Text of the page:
Lose time



1.
Operate too slowly. For example, My watch loses time, or This clock loses five minutes a day. This usage is always applied to a timepiece. [ Mid-1800s ]
2.
Waste time, delay, as in We wanted to paint the entire porch today, but we lost time trying to find a color that matched the house. This expression is sometimes put negatively as lose no time, meaning “act immediately” or “not delay,” as in We must lose no time in getting him to the hospital. [ Late 1500s ]
Also see: make up for lost time

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  • Lose the thread

    Cease to follow the sense of what is said. For example, It was such a long story that I soon lost the thread. This expression uses thread in the sense of “something that connects the various points of a narrative.” [ Mid-1900s ]

  • Lose sleep over something

    verb phrase To worry overmuch about something; be very anxious about something •Often in the negative: Murray doesn’t seem to have lost a lot of sleep over working without a strong black literary tradition to rely on/ Do you lose sleep over your investments? (1942+)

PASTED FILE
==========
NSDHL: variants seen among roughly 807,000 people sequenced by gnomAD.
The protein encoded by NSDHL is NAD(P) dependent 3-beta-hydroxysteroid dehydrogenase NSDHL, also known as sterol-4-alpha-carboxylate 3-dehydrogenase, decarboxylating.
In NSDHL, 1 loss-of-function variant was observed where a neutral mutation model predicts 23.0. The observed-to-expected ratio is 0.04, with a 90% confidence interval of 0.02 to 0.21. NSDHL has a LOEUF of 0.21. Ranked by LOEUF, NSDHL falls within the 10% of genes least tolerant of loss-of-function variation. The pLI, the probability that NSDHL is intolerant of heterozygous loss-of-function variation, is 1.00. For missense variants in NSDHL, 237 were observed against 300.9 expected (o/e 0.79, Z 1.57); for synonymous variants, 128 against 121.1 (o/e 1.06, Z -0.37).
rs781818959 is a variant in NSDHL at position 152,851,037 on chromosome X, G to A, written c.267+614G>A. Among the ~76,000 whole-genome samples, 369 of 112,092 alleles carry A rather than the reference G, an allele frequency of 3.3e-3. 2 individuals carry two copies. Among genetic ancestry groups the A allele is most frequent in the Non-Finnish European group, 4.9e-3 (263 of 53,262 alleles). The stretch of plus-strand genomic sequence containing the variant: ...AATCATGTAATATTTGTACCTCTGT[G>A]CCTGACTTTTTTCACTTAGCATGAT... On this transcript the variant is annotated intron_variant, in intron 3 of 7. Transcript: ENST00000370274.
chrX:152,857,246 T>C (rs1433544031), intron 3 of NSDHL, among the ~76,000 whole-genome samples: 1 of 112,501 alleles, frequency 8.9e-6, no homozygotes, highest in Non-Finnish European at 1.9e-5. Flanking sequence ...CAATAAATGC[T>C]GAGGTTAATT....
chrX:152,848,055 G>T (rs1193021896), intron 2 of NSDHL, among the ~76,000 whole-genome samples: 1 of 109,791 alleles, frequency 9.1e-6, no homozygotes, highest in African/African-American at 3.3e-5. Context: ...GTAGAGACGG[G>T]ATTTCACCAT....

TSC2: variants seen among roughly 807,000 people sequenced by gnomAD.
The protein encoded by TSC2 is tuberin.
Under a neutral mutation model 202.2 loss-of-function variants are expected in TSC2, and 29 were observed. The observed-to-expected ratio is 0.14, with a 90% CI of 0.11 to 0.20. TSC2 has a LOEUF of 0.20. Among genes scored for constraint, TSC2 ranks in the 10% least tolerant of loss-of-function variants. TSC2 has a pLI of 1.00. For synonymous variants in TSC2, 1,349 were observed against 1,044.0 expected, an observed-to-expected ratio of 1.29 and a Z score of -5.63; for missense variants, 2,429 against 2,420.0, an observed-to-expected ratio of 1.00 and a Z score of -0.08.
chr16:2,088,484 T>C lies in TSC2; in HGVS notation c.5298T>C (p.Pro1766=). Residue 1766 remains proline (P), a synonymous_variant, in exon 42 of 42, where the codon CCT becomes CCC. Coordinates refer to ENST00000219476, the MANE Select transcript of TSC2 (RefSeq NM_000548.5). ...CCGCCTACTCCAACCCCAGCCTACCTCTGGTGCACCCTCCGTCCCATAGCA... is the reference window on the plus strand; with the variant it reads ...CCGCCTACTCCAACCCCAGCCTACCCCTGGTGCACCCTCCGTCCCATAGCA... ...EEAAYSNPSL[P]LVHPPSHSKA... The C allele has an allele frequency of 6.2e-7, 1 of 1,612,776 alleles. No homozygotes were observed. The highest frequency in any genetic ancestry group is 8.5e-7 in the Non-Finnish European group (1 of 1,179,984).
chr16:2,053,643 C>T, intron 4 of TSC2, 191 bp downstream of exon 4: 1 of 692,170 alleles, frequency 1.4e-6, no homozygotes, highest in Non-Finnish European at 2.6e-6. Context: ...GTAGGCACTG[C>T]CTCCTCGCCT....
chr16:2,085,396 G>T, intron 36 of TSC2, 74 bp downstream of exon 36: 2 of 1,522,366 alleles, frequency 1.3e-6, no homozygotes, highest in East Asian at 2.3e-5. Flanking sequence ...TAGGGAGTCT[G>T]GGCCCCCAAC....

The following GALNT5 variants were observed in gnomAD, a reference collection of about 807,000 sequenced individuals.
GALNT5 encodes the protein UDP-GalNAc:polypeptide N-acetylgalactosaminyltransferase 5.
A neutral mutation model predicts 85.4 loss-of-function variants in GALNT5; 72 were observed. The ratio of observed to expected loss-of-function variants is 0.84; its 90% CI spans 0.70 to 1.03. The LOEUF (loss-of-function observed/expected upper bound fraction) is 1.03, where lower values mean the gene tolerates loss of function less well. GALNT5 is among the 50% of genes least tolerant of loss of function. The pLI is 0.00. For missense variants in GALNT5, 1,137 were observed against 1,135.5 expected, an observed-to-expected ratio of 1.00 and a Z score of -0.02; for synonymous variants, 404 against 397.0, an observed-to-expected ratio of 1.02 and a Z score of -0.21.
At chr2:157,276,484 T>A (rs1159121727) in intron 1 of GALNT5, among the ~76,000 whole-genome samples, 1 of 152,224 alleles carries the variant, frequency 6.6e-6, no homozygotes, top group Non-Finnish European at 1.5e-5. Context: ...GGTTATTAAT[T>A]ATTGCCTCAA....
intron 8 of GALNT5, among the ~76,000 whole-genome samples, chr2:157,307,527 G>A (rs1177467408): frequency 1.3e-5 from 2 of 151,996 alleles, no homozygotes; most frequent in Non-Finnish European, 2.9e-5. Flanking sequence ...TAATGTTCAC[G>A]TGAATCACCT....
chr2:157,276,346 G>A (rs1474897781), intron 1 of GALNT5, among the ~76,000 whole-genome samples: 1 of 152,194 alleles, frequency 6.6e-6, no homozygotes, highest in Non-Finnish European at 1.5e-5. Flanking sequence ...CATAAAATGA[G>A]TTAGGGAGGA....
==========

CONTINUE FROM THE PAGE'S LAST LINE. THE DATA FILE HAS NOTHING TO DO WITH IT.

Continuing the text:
• Lose sleep over

    Worry about, as in It’s too bad the experiment failed, but I’m not going to lose sleep over it. This expression, often put negatively, alludes to actual insomnia caused by anxiety. [ First half of 1900s ]

  • Louder

    [loud] /laʊd/ adjective, louder, loudest. 1. (of sound) strongly audible; having exceptional volume or intensity: loud talking; loud thunder; loud whispers. 2. making, emitting, or uttering strongly audible sounds: a quartet of loud trombones. 3. clamorous, vociferous, or blatant; noisy: a loud party; a loud demonstration. 4. emphatic or insistent: to be loud in one’s […]



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